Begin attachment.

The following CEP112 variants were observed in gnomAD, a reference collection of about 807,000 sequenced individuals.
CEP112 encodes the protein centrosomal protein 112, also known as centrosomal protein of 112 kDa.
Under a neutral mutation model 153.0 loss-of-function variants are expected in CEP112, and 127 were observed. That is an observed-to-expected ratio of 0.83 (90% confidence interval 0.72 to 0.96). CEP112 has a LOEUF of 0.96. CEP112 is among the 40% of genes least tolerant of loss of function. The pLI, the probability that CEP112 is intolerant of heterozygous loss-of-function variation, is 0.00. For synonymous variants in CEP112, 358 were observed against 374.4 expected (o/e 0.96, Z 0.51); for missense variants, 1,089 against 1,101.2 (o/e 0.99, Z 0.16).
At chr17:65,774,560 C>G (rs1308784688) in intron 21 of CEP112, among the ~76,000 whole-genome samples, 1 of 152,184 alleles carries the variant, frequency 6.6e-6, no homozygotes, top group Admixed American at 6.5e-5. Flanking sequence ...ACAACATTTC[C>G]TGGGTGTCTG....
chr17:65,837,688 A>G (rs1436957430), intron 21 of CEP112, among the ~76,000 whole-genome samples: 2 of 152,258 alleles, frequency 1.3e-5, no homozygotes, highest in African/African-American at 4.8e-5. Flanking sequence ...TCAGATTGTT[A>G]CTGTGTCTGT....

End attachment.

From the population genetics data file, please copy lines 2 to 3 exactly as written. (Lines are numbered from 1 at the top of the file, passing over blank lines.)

CEP112 encodes the protein centrosomal protein 112, also known as centrosomal protein of 112 kDa.
Under a neutral mutation model 153.0 loss-of-function variants are expected in CEP112, and 127 were observed. That is an observed-to-expected ratio of 0.83 (90% confidence interval 0.72 to 0.96). CEP112 has a LOEUF of 0.96. CEP112 is among the 40% of genes least tolerant of loss of function. The pLI, the probability that CEP112 is intolerant of heterozygous loss-of-function variation, is 0.00. For synonymous variants in CEP112, 358 were observed against 374.4 expected (o/e 0.96, Z 0.51); for missense variants, 1,089 against 1,101.2 (o/e 0.99, Z 0.16).